The biggest differnces come on the top left.
Coming to the top left of the camera, we see some other differences. First, the similarity is that both D7000 and the D300s share the drive mode dial, which includes functions like frame rate, self- timer, quiet mode, and mirror lock up. The letters on this dial are also easier to see than on older implementations (like on the D300s), too. However, on top of this advance dial, things get different. The D300s has single-function buttons for ISO, white balance, and file quality while the D7000 has a more amateurish mode dial (the ISO, WB, and quality functions are moved to the rear of the camera via dual function buttons on the left of the LCD). The good news is that the D7000 has, for the first time in Nikon, user-defined settings where you can save all your shooting parameters to the camera's built-in memory, essentially making your defined settings a shooting mode! So, good or bad? For me, a trade-off. Yes, the single function buttons of the D300s are nice, but having to look at the top LCD to see what mode you're in is a pain. Likewise, just turning the dial for mode and forgetting it on the D7000 is great, but those 3 dual-function buttons on the back of the camera can be a pain. Personally, I'd like to see Nikon put the ISO, WB, and quality buttons just behind the shutter and move the exposure compensation and metering/mode buttons over to the left, put them on a dial, and stack this new one on to of the drive dial both cameras already share.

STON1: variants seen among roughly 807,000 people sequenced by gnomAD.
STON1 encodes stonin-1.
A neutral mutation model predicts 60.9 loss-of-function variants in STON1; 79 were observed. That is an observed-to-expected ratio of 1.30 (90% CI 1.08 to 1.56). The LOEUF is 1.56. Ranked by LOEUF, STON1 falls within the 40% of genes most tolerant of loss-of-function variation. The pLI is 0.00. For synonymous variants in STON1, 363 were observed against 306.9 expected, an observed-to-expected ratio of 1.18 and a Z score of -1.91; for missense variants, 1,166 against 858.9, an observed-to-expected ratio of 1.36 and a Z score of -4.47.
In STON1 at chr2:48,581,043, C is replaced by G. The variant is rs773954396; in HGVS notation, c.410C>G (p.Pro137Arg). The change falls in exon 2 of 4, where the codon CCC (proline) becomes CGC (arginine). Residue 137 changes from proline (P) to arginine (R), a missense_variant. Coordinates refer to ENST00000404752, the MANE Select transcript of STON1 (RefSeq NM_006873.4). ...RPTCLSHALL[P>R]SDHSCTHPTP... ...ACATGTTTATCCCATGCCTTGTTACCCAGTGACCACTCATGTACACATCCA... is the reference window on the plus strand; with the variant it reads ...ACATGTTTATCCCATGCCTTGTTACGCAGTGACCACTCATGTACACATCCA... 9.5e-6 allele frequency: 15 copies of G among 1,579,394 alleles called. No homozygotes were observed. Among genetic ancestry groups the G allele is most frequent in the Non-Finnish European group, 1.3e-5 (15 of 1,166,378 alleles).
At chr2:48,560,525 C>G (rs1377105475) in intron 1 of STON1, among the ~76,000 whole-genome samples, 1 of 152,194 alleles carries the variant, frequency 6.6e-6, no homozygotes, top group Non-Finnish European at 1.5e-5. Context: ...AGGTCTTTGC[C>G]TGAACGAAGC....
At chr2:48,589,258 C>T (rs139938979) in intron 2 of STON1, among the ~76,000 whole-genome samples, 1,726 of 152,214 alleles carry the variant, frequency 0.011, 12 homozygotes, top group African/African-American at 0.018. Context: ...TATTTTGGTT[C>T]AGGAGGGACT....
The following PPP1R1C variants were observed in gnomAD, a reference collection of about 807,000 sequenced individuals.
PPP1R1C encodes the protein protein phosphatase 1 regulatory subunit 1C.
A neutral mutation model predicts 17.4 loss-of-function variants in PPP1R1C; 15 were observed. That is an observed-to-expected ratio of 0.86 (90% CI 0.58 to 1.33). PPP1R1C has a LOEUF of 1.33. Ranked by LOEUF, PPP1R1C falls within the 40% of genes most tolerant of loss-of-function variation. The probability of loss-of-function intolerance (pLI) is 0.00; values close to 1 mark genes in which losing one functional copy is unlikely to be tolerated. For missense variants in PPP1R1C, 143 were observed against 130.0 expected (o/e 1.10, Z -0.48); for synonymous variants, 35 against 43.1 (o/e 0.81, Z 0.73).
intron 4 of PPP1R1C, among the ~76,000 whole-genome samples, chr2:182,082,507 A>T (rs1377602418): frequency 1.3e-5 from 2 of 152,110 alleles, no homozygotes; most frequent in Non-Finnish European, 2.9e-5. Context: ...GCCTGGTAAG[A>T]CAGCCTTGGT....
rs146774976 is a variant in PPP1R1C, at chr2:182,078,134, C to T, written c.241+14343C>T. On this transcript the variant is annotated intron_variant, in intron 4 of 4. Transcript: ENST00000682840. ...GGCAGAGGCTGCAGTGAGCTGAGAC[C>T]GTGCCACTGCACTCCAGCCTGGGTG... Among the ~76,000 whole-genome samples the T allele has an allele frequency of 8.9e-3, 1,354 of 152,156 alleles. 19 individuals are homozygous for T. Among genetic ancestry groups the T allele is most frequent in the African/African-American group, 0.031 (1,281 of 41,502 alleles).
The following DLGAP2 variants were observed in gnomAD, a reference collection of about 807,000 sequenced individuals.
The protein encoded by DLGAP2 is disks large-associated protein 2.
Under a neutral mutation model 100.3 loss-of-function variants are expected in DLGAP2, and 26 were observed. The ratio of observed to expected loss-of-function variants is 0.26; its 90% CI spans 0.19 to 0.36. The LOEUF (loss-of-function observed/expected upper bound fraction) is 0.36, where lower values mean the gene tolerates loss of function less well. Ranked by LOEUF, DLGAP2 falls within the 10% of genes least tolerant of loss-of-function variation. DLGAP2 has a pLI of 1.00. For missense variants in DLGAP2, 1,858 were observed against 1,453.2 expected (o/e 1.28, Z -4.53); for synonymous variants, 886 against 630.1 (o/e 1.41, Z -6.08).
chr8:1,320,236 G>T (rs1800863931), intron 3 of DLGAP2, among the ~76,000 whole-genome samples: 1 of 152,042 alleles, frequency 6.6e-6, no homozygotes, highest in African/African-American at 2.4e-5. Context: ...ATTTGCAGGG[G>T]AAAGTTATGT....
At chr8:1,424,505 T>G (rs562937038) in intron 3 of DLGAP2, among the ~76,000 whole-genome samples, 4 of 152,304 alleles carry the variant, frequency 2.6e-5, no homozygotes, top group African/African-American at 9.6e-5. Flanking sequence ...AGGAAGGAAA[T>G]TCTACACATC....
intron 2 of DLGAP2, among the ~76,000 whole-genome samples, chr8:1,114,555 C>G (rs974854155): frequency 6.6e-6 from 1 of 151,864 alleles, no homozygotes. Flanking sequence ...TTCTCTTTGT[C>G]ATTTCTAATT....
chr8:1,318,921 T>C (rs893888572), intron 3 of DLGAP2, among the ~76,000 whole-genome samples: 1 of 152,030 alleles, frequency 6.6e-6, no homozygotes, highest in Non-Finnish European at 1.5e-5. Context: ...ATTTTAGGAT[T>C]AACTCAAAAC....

Finally, onto the front of the camera. Both cameras share a flash pop-up button in the same location. However, the new D7000 adds a dedicated flash bracketing button below the pop-up button, a nice touch owners of older cameras probably wish they had. Below this, there is the front focus switch, which selects focus mode on the D300s and does, in addition to AF/MF, controls AF point selection and focus mode when used with the dials on the top right of the camera. Off to the left, you'll notice that the D7000, unlike the D300s, has no connection ports on the front, as all have been moved to the left side of the body on the newer camera. On the right side of the camera, both models are virtually identical in that they both have 2 buttons which can be assigned various functions.